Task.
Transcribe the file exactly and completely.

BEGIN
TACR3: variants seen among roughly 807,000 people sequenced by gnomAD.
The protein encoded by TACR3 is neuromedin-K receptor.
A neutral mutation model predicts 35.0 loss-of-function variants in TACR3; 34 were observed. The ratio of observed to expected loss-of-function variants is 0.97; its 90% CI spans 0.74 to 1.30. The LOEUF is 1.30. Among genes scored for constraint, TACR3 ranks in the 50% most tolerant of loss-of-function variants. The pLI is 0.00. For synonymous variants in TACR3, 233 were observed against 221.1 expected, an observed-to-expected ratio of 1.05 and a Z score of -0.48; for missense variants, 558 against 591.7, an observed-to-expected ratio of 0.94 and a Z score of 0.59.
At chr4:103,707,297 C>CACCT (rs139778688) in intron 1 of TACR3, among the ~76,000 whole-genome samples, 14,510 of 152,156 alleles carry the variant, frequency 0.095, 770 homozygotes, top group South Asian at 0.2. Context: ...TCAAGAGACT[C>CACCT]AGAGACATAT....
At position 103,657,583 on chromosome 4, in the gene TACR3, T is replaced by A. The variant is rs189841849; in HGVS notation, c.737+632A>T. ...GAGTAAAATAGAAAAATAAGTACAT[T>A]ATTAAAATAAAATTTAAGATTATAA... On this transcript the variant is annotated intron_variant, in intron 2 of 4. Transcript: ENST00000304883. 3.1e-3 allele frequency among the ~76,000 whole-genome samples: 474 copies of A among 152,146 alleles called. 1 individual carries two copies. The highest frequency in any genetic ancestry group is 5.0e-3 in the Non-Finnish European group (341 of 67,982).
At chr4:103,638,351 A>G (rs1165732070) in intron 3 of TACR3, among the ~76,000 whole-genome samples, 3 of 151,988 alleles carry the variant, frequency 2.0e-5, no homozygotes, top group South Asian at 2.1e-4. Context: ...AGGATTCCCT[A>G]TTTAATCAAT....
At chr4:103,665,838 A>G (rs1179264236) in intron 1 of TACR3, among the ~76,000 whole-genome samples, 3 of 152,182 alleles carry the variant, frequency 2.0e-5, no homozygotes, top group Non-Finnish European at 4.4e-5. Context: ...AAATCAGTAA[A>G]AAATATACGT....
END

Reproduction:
TACR3: variants seen among roughly 807,000 people sequenced by gnomAD.
The protein encoded by TACR3 is neuromedin-K receptor.
A neutral mutation model predicts 35.0 loss-of-function variants in TACR3; 34 were observed. The ratio of observed to expected loss-of-function variants is 0.97; its 90% CI spans 0.74 to 1.30. The LOEUF is 1.30. Among genes scored for constraint, TACR3 ranks in the 50% most tolerant of loss-of-function variants. The pLI is 0.00. For synonymous variants in TACR3, 233 were observed against 221.1 expected, an observed-to-expected ratio of 1.05 and a Z score of -0.48; for missense variants, 558 against 591.7, an observed-to-expected ratio of 0.94 and a Z score of 0.59.
At chr4:103,707,297 C>CACCT (rs139778688) in intron 1 of TACR3, among the ~76,000 whole-genome samples, 14,510 of 152,156 alleles carry the variant, frequency 0.095, 770 homozygotes, top group South Asian at 0.2. Context: ...TCAAGAGACT[C>CACCT]AGAGACATAT....
At position 103,657,583 on chromosome 4, in the gene TACR3, T is replaced by A. The variant is rs189841849; in HGVS notation, c.737+632A>T. ...GAGTAAAATAGAAAAATAAGTACAT[T>A]ATTAAAATAAAATTTAAGATTATAA... On this transcript the variant is annotated intron_variant, in intron 2 of 4. Transcript: ENST00000304883. 3.1e-3 allele frequency among the ~76,000 whole-genome samples: 474 copies of A among 152,146 alleles called. 1 individual carries two copies. The highest frequency in any genetic ancestry group is 5.0e-3 in the Non-Finnish European group (341 of 67,982).
At chr4:103,638,351 A>G (rs1165732070) in intron 3 of TACR3, among the ~76,000 whole-genome samples, 3 of 151,988 alleles carry the variant, frequency 2.0e-5, no homozygotes, top group South Asian at 2.1e-4. Context: ...AGGATTCCCT[A>G]TTTAATCAAT....
At chr4:103,665,838 A>G (rs1179264236) in intron 1 of TACR3, among the ~76,000 whole-genome samples, 3 of 152,182 alleles carry the variant, frequency 2.0e-5, no homozygotes, top group Non-Finnish European at 4.4e-5. Context: ...AAATCAGTAA[A>G]AAATATACGT....